Within this context, non-discrimination is, in fact, a problem and non-discrimination rules which are limited to granting reduced protection to taxpayers represent a challenge. In the following chapters, we will present an overview of the problem in Latin America from a case-law perspective, emphasising problems of Nationality.
Non-discrimination on the basis of nationality in Latin American countries (LATAM): some cases related to Article 24.1 of Model Tax Conventions
The DTT’s signed by the LATAM countries generally follow the rule included both in the OECD and UN Tax-Convention Models. Article 24 Section 1 states that “nationals of a contracting state shall not be subjected in the other contracting state to any taxation or any requirement connected therewith, which is other or more burdensome than the taxation and connected requirements to which nationals of that other state in the same circumstances, in particular with respect to residence, are or may be subjected”. Almost all the treaties also consider this provision as applying to “persons who are not residents of one or both of the contracting states”.
Derived from this rule, there are certain cases in Latin America to be considered. For example, Colombia has a provision stating that the withholding-tax system for overseas payments – which comprises a range of withholding taxes that in some cases can reach 33% of the gross payment – is only applicable to foreign, non-Colombian residents in the case of individuals 4. If we interpret Article 24.1 in the sense that it also considers nationals of an “X” state having a DTT with Colombia, who are non-residents in Colombia, the discrimination is clear. In fact, Colombian nationals who are non-Colombian residents are not subject to such a system; on the contrary, they are subject to far lower withholding taxes. The discrimination against a national of an “X” state who is non-resident in Colombia is, therefore, evident. However, it is important to mention that the OECD would take a different approach to this case 5.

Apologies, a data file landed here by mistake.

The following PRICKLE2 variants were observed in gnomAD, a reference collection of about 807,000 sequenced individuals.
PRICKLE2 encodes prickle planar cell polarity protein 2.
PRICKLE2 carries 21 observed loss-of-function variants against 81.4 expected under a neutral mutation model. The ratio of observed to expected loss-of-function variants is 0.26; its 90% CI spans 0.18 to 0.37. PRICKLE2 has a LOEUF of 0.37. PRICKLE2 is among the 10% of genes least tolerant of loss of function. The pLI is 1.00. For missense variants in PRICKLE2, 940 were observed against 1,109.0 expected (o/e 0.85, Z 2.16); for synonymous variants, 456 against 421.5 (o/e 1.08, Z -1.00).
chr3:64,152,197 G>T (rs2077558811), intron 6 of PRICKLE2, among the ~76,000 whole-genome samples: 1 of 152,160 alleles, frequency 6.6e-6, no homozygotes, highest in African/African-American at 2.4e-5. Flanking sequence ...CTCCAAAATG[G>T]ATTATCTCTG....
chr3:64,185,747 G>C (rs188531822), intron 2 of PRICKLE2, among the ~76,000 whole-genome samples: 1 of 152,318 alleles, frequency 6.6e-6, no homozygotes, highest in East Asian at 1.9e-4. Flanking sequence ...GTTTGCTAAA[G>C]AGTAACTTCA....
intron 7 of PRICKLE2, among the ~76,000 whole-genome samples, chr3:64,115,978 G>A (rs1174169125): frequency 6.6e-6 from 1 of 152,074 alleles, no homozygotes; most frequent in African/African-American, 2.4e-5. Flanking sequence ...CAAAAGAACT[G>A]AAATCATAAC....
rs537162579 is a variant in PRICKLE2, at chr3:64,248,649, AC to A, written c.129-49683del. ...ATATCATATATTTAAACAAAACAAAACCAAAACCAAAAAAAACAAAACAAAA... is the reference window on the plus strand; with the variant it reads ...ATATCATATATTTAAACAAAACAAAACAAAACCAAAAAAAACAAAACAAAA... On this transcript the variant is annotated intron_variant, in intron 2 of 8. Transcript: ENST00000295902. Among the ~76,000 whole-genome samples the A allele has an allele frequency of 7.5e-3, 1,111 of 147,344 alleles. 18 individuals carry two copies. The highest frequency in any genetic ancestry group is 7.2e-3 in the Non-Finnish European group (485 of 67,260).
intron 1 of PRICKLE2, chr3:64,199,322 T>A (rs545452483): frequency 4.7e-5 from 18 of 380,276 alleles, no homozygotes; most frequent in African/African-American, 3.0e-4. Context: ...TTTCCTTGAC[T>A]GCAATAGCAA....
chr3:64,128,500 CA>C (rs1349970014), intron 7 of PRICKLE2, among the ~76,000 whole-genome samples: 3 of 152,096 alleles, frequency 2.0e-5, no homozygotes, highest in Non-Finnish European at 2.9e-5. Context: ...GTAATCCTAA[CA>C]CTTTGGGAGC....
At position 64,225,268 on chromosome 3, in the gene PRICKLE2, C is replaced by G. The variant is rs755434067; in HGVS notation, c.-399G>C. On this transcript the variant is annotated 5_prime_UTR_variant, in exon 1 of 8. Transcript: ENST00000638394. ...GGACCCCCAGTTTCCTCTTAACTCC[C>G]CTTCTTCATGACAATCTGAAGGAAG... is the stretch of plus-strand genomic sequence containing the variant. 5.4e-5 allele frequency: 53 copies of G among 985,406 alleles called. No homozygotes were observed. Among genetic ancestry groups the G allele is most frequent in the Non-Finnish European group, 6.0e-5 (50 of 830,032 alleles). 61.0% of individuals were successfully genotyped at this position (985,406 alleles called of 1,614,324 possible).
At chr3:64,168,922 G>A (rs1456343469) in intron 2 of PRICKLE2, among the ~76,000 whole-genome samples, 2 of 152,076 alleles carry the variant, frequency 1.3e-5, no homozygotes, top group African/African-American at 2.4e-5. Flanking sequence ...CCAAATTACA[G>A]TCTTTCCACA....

The exclusion of Residency from the general non-discrimination rule based upon Nationality according to Article 24.1 is based upon the fact that the majority of states use residence as the criterion to determine income-tax liability, as residents are usually subject to tax on their worldwide income. In other words, a person who is not resident in a state can be, in principle, discriminated against, bearing in mind that they are only liable to tax with respect to certain types of income and, in general, on income sourced in that state 6. This premise has also been recognised in Latin American case law, as shown, amongst others, in some Mexican and Argentinian decisions 7. However, Brazil is one case for study since, in some judgements, it is suggested that Article 24.1 implies the prohibition from discriminating also on the basis of Residency. In fact, there is an interesting case in Brazil which involves the DTT between that country and Sweden, in which the point of debate is the possibility for Brazil to apply withholding taxes on dividends to Swedish non-Brazilian residents, taking into account the fact that such withholdings are not applicable to Brazilian residents. In all instances, the position of the different courts has been that this goes against Article 24.1. However, the final decision of the Supreme Court is still pending and perhaps that decision will completely change this view 8.